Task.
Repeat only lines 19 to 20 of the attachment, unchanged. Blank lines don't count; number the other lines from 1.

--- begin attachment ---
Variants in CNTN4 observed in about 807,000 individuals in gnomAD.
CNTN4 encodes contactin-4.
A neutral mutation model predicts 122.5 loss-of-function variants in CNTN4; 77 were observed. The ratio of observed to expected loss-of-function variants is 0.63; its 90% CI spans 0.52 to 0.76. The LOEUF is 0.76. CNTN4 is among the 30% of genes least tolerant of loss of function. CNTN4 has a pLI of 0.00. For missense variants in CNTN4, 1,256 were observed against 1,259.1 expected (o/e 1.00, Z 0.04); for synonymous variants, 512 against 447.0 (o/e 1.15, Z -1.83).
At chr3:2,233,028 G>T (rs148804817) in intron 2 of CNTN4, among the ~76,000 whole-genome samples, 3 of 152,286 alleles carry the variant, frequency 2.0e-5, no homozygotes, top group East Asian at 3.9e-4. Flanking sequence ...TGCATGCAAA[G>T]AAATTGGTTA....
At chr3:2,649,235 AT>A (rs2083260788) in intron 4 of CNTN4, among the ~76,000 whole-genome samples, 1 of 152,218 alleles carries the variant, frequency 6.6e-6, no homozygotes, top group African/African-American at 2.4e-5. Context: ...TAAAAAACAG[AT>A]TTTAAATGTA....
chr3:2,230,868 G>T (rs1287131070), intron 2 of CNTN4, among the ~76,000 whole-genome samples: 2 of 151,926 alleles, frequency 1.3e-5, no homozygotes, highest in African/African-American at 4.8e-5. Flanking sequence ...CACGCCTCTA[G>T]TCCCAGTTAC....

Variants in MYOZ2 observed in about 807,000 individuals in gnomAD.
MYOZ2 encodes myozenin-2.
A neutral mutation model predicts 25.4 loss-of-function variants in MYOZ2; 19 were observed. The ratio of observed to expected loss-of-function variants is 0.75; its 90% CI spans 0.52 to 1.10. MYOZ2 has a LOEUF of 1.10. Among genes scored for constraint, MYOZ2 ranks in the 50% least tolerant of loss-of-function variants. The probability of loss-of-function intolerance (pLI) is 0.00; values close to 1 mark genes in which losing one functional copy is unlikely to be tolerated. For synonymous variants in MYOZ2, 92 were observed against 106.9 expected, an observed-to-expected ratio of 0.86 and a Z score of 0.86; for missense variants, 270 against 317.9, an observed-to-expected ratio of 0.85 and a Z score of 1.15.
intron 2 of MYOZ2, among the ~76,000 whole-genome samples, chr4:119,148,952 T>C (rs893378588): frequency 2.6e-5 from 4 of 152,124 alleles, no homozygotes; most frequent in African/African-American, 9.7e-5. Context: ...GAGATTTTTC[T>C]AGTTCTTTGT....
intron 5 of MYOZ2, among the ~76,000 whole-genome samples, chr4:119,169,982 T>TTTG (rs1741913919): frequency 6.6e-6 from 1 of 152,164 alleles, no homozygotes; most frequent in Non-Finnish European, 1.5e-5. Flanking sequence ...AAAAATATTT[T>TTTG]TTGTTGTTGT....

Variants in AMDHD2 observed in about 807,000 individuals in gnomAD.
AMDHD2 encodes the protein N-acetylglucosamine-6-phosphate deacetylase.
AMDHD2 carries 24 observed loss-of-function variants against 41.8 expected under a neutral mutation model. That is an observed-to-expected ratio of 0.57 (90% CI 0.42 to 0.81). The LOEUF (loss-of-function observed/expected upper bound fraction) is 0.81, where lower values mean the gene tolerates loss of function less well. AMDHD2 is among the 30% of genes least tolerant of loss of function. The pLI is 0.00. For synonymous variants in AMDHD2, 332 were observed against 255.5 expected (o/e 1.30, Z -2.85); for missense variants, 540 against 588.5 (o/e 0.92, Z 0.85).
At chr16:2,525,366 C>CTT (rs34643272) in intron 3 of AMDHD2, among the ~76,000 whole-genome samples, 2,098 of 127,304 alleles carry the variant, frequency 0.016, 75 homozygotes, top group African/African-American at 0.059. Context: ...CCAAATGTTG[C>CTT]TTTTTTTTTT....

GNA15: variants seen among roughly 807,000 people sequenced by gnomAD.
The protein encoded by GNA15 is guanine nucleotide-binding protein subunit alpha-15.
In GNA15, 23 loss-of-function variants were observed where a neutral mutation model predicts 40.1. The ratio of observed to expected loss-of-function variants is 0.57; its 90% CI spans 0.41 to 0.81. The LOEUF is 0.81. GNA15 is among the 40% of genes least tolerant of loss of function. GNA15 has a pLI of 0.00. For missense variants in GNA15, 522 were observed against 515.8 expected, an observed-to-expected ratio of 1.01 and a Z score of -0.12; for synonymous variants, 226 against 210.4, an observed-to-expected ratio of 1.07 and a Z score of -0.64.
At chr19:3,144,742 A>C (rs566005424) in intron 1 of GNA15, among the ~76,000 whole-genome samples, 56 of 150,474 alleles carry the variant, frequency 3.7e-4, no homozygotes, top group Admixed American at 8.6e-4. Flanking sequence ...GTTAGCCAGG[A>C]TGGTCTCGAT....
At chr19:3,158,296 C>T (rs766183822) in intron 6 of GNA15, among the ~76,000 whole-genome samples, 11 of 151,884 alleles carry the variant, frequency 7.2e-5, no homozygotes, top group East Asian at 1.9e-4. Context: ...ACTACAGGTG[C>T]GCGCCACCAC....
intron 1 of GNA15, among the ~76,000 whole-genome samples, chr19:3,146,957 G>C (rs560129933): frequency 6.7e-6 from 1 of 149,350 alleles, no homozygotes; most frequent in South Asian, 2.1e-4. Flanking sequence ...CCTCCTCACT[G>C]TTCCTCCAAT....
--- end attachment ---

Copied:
At chr19:3,144,742 A>C (rs566005424) in intron 1 of GNA15, among the ~76,000 whole-genome samples, 56 of 150,474 alleles carry the variant, frequency 3.7e-4, no homozygotes, top group Admixed American at 8.6e-4. Flanking sequence ...GTTAGCCAGG[A>C]TGGTCTCGAT....
At chr19:3,158,296 C>T (rs766183822) in intron 6 of GNA15, among the ~76,000 whole-genome samples, 11 of 151,884 alleles carry the variant, frequency 7.2e-5, no homozygotes, top group East Asian at 1.9e-4. Context: ...ACTACAGGTG[C>T]GCGCCACCAC....